North Carolina in the winter is breathtaking. I haven’t spent a full winter there in over ten years, since Anna and I graduated from Wake Forest. The little time I do spend there is with family over the holidays, and the less than frequent trip back to our Alma Mater. So often now, I find myself looking down, whether it be watching the footfalls of Kemper and Nora, or searching out the low-lying objects that I neglected for so many years as I grew taller and less aware of the beauty that only years before had been at eye level. As a child, though, I often looked towards the sky. It was a predilection of mine, and was lost through high school, college, law school, and then my post-graduate work. As a litigator, I have been trained to look ahead and anticipate the roadblocks before me, and I have, along the way, lost the penchant for gazing into the clouds above the treetops. Photography, though in many ways a mature art, has brought me back to my childhood wonder of nature, and as we hiked through Panthertown Valley over the New Year, I caught myself looking upwards once again.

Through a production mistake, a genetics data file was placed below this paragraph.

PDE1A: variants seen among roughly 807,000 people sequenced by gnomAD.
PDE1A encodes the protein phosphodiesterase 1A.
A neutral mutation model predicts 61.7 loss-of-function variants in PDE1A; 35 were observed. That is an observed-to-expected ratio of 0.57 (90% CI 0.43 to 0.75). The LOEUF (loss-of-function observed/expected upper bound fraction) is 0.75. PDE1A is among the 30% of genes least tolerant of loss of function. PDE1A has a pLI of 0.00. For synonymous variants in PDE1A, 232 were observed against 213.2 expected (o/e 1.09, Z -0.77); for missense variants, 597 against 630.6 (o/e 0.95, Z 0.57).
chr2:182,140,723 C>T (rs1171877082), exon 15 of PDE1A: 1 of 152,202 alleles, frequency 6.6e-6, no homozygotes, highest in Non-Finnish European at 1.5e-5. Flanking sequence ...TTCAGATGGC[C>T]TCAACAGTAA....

This photograph, though a simple composition, captures some of the innocent wonder. The clouds of the late morning were beginning to roll in, heavy with precipitation, and we laconically raced to avoid the rain that settled in as we reached the trailhead. The fingers of the maples and sweet gums and oaks looked like arteries against the pale sky, and in many ways this is a fitting simile. Nature is a lifeblood–one that I am reconnecting with after years of the wonder of it lied fallow. Even though I am at my desk from the darkness of the morning through to the early darkness of the winter evenings, I catch myself looking often to the sky, especially as the sun rises and sets. Jacksonville, to its credit, is beautiful at these times of day. The rich colors wrought by the low sun are no match to a North Carolina dawn, but then I am biased and nostalgic for the old days, when I could skip my morning lectures and find myself in an hour at the base of Pilot Mountain as the leaves were beginning to redden at the first breath of winter. Until we return, I will always long for those days, simpler by measure and winsome. For now, I will console myself with the memories and the short trips when I will fill my camera with shots such as this of the mountain skies on a chilled winter day.
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